In the face of such resistance and without pretending to be a religion, progressives have pursued very Christ-like goals for generations. Ending slavery was part of that. Banning child labor was another. The long string of progressive political change has produced everything from a five-day work week to Social Security. There’s no equivalent political agenda whose objective is to benefit the human condition. All the conservatives can offer is an appeal for the good old days.

The great American experiment has been a fraught journey of defining what it means to offer ‘liberty and justice for all.’ The courts have relied on the constitution and its amendments in deciding what those promises meant. Their decisions have confirmed the rights of women, minorities, and homosexuals and sharpened the separating line between church and state.

Not happy with how all that has filtered out, extremists now want a ‘go-back’ option that takes away those rights and blurs the line so that teachers can lead prayers in schools, churches can campaign for candidates, and Christian teachings dictate national policy. Too many have been led to believe this is possible, thanks to Republican strategy in motivating voters through inciting religious passions.

Well, it is possible. We can make the United States a Christian nation. But it won’t be the nation our Founders intended. It would be like primitive nations where students are told what—not how—to think, where nonbelievers are subject to torture and brutal execution, where religion instead of reason dictates policy.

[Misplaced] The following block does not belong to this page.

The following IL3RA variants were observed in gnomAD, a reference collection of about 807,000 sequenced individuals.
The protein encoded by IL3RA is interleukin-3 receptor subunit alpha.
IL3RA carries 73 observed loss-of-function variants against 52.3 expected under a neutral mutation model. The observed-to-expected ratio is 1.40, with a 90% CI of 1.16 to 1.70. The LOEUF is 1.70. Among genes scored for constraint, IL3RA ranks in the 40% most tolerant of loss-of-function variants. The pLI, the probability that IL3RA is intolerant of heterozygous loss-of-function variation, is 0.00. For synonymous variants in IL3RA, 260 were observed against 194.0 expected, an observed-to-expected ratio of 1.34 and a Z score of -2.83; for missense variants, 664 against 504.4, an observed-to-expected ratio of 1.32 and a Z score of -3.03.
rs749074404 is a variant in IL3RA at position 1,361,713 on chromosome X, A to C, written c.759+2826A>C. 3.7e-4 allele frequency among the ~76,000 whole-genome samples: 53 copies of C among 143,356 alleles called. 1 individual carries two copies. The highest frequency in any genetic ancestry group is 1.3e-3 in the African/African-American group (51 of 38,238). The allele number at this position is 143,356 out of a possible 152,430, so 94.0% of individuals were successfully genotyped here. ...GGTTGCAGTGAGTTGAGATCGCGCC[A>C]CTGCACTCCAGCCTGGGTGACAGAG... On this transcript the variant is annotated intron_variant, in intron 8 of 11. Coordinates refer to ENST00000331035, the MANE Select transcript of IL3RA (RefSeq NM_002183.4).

By overturning the fundamental concept upon which this nation was founded, every effort to convert the United States into a Christian nation is an act of high treason.







[6] and



CHROMA Excerpt

chroma-coverMuch of what I write is history. My blog posts are usually about current events or my publications about local history. This is different.

My new novel, Chroma, is history of an entirely different sort. Theoretical history firmly rooted in factual evidence of human evolution. It’s available in ebook format at half price now until November 15 release date.

They were aware of nothing. Not movement, even though they existed within a stream of photons traveling at the speed of light. Not thought, even though they contained among them all the knowledge that could be known.

They were One, Chroma.

A world of physical existence unfolded before them as they encountered a blue planet and its cycles of life, forms already ancient in their traditions of birth, life, and death. The Aspects of Chroma begin to question. How would it be to know embodiment? Could they learn the pleasure of food, of rest and procreation?

Among them, B4 Indigo—more precisely 493.883 Hertz in her spectral array between 420 and 450 nanometers of visible light—flourished into her own identity. Immediately resonating with her harmonic companion F369.994 Yellow and his fellow octaves of F sharp, B4 pursued a fateful agenda. What could be known? What could be changed?